8.3.2018

The library’s spiral staircase fell from the sky

Liisa Joensuu, Tmi Magic Words
News / The library’s spiral staircase fell from the sky

The sky was the limit, when the spiral staircase bringing together the three upper floors of Oodi was majestically lifted into place in February. The stairs were lowered calmly, one part at a time, through a hole made in the roof, and suspended from the cables of a telescopic boom. Putting the stairs in place is one of the milestones of the construction process.

 

 

The stairs arrived to the site as a special transportation consignment in ten separate blocks. The finished staircase comprises two spirals, A staircase and B staircase, which diverge from each other. The total weight of the steel staircase is 80 tonnes. The stairs were manufactured by Normek Oy, as were the steel arches supporting the entire library.

 

 

In the photo, the first section of the stairs on the entrance floor is already in place and a cable is being used to pull the next part to the correct angle for welding. During construction, a massive hole was left between the floors, but the roof had to be reopened for the event.

 

 

“We built a weather guard on the roof above the stairs and removed the roof element. When the last part of the staircase has been lowered in place, the element will be closed and re-seamed. On the different floors, the staircase area is protected with EPS insulation boards to preserve heat while the roof is open,” says Worksite Manager Mansoor Ardam.

 

 

For customers with mobility issues, there are alternatives to the stairs: escalator and lifts. The frame of the escalator was also installed in February. The technology, railings and steps are still to be installed and, later on, adjustments and test runs will be performed. Installation of the lifts is also underway.

The shape of the suspended ceiling reveals the new shape of the skylights

A scale model has been installed in the suspended ceiling of the third floor, where the actual books will reside. The scale model helps those involved in the project study how the suspended ceiling can achieve a beautiful, wavy shape and how the skylights can be used to build a set of simple, yet elegant, light shafts.

 

 

The skylights were originally octagonal in shape, but as the scale model has been built they have gradually become round light shafts. The ceiling will be white and seamless and appear as if it is being sucked into the skylights. Due to the wavy form of the ceiling, both the ceiling and the skylight are positioned lower in some parts of the third floor and higher in others.

 

 

The light shafts will be built into vertical frames, as shown in the photo above. First, acoustic mineral wool will be placed into the frame. It will be covered with sprayable MonoRoc insulating plaster. This is a thick plaster, which helps soundproof the premises, repels water and is also energy-efficient. The base plaster will be later covered by a smoother, sprayed coating. Thanks to this method, the suspended ceiling will look like a solid rock ceiling.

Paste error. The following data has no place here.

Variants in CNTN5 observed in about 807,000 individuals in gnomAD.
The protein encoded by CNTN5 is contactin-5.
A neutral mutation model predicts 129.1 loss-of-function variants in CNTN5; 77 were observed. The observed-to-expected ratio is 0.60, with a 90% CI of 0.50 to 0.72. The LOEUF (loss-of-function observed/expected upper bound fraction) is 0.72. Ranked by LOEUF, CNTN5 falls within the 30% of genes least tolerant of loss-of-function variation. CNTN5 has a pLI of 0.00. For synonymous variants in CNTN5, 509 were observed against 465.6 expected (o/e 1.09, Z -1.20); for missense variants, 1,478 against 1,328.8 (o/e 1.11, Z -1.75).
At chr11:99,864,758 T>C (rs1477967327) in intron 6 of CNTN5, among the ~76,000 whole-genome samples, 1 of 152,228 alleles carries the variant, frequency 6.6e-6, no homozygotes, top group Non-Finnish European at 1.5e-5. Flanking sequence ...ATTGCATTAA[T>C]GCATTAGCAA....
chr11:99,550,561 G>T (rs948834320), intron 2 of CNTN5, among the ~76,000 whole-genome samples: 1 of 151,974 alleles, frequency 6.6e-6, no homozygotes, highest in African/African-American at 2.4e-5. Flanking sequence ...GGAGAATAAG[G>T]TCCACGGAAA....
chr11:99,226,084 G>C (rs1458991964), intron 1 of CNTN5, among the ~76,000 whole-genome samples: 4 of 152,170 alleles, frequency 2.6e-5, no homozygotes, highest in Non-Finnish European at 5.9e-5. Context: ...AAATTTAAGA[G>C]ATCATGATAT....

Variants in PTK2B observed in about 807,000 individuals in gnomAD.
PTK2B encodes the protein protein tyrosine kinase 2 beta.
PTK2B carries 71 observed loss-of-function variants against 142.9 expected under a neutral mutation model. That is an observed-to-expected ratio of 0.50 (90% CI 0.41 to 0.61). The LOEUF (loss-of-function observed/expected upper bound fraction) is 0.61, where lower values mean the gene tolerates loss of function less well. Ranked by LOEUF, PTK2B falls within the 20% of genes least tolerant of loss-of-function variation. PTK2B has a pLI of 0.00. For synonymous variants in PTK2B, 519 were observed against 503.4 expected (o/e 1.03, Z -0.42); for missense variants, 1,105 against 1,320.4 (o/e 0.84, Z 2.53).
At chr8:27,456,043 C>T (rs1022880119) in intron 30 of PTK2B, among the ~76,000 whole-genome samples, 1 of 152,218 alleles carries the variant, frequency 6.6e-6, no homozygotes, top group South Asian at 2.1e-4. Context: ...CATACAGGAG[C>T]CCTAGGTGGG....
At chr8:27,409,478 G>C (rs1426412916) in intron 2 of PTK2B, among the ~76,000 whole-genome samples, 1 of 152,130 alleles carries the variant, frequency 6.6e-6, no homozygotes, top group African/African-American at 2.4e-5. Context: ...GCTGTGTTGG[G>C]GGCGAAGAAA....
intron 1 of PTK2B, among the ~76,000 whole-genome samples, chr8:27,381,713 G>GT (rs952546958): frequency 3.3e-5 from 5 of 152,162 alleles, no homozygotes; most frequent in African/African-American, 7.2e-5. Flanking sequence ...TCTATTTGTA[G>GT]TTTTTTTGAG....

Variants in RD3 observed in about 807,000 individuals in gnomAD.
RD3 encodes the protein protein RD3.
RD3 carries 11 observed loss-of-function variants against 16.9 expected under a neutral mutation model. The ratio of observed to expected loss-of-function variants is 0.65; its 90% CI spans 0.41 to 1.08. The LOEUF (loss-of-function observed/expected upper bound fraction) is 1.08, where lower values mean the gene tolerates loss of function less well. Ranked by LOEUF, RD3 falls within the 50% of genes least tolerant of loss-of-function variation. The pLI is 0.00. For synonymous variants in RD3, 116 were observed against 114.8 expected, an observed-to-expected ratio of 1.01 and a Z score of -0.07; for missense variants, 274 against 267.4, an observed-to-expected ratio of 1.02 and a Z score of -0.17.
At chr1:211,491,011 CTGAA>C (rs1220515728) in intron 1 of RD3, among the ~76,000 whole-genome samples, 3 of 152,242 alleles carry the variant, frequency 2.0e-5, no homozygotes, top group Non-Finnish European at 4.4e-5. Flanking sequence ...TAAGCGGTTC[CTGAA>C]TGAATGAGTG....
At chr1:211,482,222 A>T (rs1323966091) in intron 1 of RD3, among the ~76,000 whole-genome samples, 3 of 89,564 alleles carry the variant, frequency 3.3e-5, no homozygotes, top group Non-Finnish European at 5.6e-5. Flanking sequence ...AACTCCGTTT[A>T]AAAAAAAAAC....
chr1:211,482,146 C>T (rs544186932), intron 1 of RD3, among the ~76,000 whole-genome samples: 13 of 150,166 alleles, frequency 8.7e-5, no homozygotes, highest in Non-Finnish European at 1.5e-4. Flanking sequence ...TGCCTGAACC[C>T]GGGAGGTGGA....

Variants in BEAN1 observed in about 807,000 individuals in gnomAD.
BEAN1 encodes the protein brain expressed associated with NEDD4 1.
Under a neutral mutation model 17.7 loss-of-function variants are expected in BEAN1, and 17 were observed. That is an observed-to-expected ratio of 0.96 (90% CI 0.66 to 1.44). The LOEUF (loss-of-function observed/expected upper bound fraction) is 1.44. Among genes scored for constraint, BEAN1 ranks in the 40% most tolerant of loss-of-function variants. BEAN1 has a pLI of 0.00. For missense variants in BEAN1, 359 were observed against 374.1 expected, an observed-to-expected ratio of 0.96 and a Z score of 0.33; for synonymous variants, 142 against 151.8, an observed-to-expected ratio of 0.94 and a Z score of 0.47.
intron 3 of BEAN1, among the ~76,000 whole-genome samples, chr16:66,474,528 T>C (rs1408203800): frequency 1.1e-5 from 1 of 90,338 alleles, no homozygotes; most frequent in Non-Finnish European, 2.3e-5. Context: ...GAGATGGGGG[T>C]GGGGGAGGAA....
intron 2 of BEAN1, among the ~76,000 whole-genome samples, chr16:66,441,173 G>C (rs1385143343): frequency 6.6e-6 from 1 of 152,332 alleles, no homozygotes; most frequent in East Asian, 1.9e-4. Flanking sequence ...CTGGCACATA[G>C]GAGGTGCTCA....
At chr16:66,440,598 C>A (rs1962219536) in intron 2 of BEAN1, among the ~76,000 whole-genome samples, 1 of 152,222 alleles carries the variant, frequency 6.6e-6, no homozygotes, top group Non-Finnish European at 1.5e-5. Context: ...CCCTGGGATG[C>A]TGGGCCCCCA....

The construction of the children’s section and its balcony at the northern end of the third floor is progressing quickly. Less than a year from now, story times will be held under the balcony!

 

 

The window installations in the library and the windows’ seaming work proceed on the eastern side of the building as the weather permits. The freezing temperatures of February have not disrupted the lifting of the glass panels into place in the mechanical fasteners, but seaming work requires a more temperate climate.

 

 

On the balcony side, i.e. the western side, over half of the windows have already been fitted into their mechanical fasteners. In the photo, workers are preparing to move a glass panel from the pallet by attaching it to the suction cup lift.

Not all the colours of the rainbow

According to an old Finnish nursery rhyme, a painter paints the house red and blue. Specialist painter Pasi Kalliokoski from Lainisalo Rakennusmaalaus Oy has to settle for black and white.

 

 

“In addition to black and white, the library’s colour landscape will include veneer surfaces. The furniture will add the colour. The ceilings and the ceiling channels have been painted black and so have the elements between ceilings and walls. The walls themselves will not be painted much, since they will be covered with acoustic and veneer panelling. A few of the walls will be white. Black and white are standard colours in public premises, whereas other colours, structure surfaces and wallpapers are often used in commercial premises,” Pasi said before hopping into the man-lift and beginning the filling work on the structure below the suspended ceiling.

 

 

Carpenter Marto Jaakson was busy with building the socle of the second-floor wall separating the office spaces. Glass windows will be fitted along the corridor. Marto has been working on the library site for a year, and his work on the socle is going quickly.

 

 

The other carpenters are busy in the sitting area on the second floor, building its wooden frame. Within a few months, this area will be made into an inviting lounge and reading area.

More experience on the worksite

The newest site manager of the library worksite has plenty of experience to share. Jorma Pelkonen, 60, came to Oodi from an office building site in Kalasatama.

 

 

“Oodi, with its special structural solutions, is a significantly more challenging site than an office building I’m in charge of tiling, for example, and even the large toilet facilities in the basement are exceptional. Impressive, three centimetre thick limestone plates will be used as a visual element, attached to the walls with steel pegs.”

Jorma has been involved in the construction of apartments, offices, a hotel and even a railway tunnel. This list of references will be complemented with the central library before Jorma’s retirement at 63.